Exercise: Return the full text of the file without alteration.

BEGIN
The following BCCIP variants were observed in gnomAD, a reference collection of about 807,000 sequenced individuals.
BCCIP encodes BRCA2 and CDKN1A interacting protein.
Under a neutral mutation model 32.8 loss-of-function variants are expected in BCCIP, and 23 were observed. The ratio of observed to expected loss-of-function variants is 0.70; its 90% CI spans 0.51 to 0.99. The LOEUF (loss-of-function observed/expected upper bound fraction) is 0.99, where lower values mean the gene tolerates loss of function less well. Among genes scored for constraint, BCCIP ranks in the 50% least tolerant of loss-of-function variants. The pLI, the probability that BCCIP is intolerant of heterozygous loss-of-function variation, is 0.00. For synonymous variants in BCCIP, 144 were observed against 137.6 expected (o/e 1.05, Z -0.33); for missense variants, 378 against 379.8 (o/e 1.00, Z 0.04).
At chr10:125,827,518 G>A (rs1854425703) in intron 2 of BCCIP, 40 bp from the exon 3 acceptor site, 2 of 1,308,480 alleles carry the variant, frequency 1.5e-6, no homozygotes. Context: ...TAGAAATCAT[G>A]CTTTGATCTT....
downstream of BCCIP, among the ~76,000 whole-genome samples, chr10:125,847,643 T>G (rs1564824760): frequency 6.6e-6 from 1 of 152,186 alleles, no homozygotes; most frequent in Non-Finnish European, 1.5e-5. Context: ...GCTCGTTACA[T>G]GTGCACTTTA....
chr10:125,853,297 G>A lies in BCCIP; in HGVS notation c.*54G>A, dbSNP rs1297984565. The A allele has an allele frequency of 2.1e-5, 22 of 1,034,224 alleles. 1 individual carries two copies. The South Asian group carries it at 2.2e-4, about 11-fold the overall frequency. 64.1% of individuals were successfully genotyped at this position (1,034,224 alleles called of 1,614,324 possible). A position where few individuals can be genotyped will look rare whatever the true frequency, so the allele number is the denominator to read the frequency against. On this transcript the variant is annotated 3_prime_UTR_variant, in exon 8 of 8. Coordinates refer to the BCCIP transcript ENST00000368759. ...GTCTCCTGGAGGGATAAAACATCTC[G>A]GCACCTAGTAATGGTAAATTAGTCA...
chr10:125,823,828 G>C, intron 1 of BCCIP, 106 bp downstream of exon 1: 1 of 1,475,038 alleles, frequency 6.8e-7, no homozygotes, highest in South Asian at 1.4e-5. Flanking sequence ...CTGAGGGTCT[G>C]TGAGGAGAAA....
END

The following BCCIP variants were observed in gnomAD, a reference collection of about 807,000 sequenced individuals.
BCCIP encodes BRCA2 and CDKN1A interacting protein.
Under a neutral mutation model 32.8 loss-of-function variants are expected in BCCIP, and 23 were observed. The ratio of observed to expected loss-of-function variants is 0.70; its 90% CI spans 0.51 to 0.99. The LOEUF (loss-of-function observed/expected upper bound fraction) is 0.99, where lower values mean the gene tolerates loss of function less well. Among genes scored for constraint, BCCIP ranks in the 50% least tolerant of loss-of-function variants. The pLI, the probability that BCCIP is intolerant of heterozygous loss-of-function variation, is 0.00. For synonymous variants in BCCIP, 144 were observed against 137.6 expected (o/e 1.05, Z -0.33); for missense variants, 378 against 379.8 (o/e 1.00, Z 0.04).
At chr10:125,827,518 G>A (rs1854425703) in intron 2 of BCCIP, 40 bp from the exon 3 acceptor site, 2 of 1,308,480 alleles carry the variant, frequency 1.5e-6, no homozygotes. Context: ...TAGAAATCAT[G>A]CTTTGATCTT....
downstream of BCCIP, among the ~76,000 whole-genome samples, chr10:125,847,643 T>G (rs1564824760): frequency 6.6e-6 from 1 of 152,186 alleles, no homozygotes; most frequent in Non-Finnish European, 1.5e-5. Context: ...GCTCGTTACA[T>G]GTGCACTTTA....
chr10:125,853,297 G>A lies in BCCIP; in HGVS notation c.*54G>A, dbSNP rs1297984565. The A allele has an allele frequency of 2.1e-5, 22 of 1,034,224 alleles. 1 individual carries two copies. The South Asian group carries it at 2.2e-4, about 11-fold the overall frequency. 64.1% of individuals were successfully genotyped at this position (1,034,224 alleles called of 1,614,324 possible). A position where few individuals can be genotyped will look rare whatever the true frequency, so the allele number is the denominator to read the frequency against. On this transcript the variant is annotated 3_prime_UTR_variant, in exon 8 of 8. Coordinates refer to the BCCIP transcript ENST00000368759. ...GTCTCCTGGAGGGATAAAACATCTC[G>A]GCACCTAGTAATGGTAAATTAGTCA...
chr10:125,823,828 G>C, intron 1 of BCCIP, 106 bp downstream of exon 1: 1 of 1,475,038 alleles, frequency 6.8e-7, no homozygotes, highest in South Asian at 1.4e-5. Flanking sequence ...CTGAGGGTCT[G>C]TGAGGAGAAA....